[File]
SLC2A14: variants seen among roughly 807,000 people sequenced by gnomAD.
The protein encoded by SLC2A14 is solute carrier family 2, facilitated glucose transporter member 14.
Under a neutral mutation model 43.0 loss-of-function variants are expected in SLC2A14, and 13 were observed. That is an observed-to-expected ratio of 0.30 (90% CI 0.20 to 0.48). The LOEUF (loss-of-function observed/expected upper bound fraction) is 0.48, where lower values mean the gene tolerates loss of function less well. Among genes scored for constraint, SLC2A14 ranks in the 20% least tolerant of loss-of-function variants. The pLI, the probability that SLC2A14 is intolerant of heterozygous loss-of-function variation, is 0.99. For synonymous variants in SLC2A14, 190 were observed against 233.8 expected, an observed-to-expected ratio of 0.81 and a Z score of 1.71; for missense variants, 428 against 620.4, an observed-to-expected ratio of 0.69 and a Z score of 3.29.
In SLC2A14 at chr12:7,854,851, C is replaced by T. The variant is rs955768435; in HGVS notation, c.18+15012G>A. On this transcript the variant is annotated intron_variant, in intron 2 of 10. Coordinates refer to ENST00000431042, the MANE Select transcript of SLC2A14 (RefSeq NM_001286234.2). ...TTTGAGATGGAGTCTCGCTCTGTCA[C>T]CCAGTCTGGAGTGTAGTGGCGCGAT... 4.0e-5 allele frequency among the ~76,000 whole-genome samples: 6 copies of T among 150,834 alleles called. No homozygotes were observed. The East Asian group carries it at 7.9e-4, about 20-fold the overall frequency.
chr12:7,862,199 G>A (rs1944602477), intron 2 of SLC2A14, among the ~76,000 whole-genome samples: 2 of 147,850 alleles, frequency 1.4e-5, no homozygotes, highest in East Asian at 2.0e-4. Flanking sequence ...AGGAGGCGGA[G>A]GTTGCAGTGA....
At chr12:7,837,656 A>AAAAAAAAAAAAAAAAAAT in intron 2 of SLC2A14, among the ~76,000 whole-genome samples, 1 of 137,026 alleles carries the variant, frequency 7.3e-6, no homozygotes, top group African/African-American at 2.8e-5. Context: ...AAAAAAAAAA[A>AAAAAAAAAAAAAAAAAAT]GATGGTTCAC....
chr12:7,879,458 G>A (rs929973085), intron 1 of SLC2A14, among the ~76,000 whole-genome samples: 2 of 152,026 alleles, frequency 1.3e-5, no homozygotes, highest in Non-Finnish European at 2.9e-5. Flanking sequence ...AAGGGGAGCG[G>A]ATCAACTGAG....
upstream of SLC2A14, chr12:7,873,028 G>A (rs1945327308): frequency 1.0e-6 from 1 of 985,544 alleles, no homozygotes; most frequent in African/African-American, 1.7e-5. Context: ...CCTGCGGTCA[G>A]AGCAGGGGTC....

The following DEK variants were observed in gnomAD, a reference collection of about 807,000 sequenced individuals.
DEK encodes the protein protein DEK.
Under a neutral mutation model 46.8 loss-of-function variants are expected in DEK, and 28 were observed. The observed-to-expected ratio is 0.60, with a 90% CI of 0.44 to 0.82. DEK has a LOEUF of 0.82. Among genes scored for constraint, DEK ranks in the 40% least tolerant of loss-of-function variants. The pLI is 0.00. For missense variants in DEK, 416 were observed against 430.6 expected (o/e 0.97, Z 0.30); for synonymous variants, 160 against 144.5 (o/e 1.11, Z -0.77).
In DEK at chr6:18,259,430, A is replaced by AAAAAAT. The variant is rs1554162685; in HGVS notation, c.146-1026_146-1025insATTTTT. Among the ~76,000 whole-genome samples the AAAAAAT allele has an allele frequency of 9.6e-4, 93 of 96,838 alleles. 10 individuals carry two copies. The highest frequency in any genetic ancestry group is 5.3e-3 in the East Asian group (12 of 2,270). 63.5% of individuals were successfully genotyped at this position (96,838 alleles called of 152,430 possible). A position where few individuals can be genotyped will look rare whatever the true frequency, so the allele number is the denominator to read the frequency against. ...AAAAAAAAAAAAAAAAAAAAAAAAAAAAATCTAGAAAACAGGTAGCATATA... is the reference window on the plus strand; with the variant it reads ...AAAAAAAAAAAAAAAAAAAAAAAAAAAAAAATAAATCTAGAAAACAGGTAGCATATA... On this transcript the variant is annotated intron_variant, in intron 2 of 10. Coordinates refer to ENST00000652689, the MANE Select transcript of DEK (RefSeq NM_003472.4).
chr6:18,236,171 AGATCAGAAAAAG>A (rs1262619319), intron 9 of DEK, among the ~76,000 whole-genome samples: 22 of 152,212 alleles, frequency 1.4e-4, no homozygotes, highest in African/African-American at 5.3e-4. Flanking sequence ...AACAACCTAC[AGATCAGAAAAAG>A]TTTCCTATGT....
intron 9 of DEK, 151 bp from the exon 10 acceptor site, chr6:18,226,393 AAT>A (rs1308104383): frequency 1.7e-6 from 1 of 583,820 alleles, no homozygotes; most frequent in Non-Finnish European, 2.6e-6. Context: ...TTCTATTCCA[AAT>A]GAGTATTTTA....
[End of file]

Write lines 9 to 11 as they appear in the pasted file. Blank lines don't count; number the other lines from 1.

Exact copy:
The following DEK variants were observed in gnomAD, a reference collection of about 807,000 sequenced individuals.
DEK encodes the protein protein DEK.
Under a neutral mutation model 46.8 loss-of-function variants are expected in DEK, and 28 were observed. The observed-to-expected ratio is 0.60, with a 90% CI of 0.44 to 0.82. DEK has a LOEUF of 0.82. Among genes scored for constraint, DEK ranks in the 40% least tolerant of loss-of-function variants. The pLI is 0.00. For missense variants in DEK, 416 were observed against 430.6 expected (o/e 0.97, Z 0.30); for synonymous variants, 160 against 144.5 (o/e 1.11, Z -0.77).